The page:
An Intimate Dining Ritual At Saint Pierre

Seamless, produce-centric fine dining with a touch of delightful Asian flair

Photos: Saint Pierre

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The timeless elegance of Saint Pierre.

At Saint Pierre, dining is a sacred ritual of sorts.

Round tables dressed in perfectly starched linen, rows of sparkling glassware and trolleys of fine champagne are but a hint of the culinary theatrics to come.

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The Mushroom, as its name suggests, is an interplay of shrooms cooked in differing manners.

Return to fine dining

Yet for all of its pristine elegance, the service is warm and inviting. After the restaurant’s short stint — barely two weeks to be precise — at its 30-seater, casual dining spot in Sentosa, it seized the chance to move to One Fullerton once the opportunity arose.

And it is clear that the return to their European fine dining roots is a labour of love, as well as a personal journey of self-discovery for its chef, Emmanuel Stroobant.

After being ushered to our seats, we were promptly pampered with warm bread and seaweed-infused butter, a fitting start to our meal.

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The Langoustine bursts with natural sweetness.

Essence-centric cuisine

Led by an essence-focused philosophy, the cuisine pays ample attention to the vital essences and natural flavours of ingredients. Vegetables no longer take a backseat; here, they come to the fore in various delectable dishes.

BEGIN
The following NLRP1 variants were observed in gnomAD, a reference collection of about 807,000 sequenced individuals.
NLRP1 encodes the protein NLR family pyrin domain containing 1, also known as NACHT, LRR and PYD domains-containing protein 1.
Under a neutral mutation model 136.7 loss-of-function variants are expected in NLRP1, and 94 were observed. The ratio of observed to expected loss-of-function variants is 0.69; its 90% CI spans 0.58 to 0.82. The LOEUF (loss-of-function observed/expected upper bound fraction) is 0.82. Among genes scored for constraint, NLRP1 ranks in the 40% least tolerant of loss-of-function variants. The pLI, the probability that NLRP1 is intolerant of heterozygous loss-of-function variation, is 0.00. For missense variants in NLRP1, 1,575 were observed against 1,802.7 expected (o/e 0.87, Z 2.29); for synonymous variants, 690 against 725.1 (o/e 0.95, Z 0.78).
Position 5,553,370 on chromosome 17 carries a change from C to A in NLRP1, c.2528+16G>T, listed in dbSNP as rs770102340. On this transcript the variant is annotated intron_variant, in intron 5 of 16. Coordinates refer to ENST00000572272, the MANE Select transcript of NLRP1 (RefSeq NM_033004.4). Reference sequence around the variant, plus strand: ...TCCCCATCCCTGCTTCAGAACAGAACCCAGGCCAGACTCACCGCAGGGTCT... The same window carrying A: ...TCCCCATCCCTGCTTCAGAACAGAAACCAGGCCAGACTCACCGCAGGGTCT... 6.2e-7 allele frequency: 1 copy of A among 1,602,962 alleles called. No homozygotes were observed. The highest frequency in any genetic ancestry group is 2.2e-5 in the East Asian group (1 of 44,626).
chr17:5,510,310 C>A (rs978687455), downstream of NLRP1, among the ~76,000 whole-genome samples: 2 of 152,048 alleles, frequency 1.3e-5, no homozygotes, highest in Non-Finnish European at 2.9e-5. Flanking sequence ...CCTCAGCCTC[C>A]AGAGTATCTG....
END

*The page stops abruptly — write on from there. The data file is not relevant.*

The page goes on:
We were fortunate to savour the newly launched menu, a culmination of the efforts from Chef Emmanuel Stroobant and his Executive Chef Mathieu Escoffier.

Produce-centric cuisine take on an Asian flair in dishes like the Rosy Sea Bass and Langoustine.

The former, is a delicately flavoured creation featuring Japanese rosy sea bass carpaccio drizzled with a bright and flavourful lemon oil, and topped with lime zest and espelette chili. The freshness of the sea bass is brought to life with the lemon oil, not quite unlike the sashimi dish of a fine sushi master.

The Langoustine, on the other hand, bursts with natural sweetness. Its coat of puffed wild rice crispy offers a pleasant crunch with every bite, while the accompanying chunks of winter melon, celeriac and green apple give a crisp, summery feel to the dish.

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The star of the meal had to be the Pork dish, which takes inspiration from the Peranakan classic, Babi Buah Keluak.

Rhythm and flow

As the courses progressed, one could observe a rhythm to the flow of flavours and textures — from light to heavy, from sea to land.

Following the seafood, we moved onto the umami-rich Mushroom. The Mushroom, as its name suggests, is an interplay of shrooms cooked in differing manners.

The earthy wild mushroom ravioli is paired with the pan-fried and rich-tasting maitake for contrast, while onion puree is added for a hint of caramelised sweetness.

The star of the meal had to be the Pork dish, which takes inspiration from the Peranakan classic, Babi Buah Keluak.

Juicy and tender, the 12-hour sous vide Iberico pork was packed with flavours and best enjoyed alongside the stuffed fillings of the buah keluak nut. We recommend scooping out some of the fillings and putting them into the accompanying pockets of potato puffs for a bonus treat.

All in, the dining experience was a delight and left me feeling inspired for the day ahead.

One Fullerton, 1 Fullerton Road, #02-02B

Make Your Reservations Here

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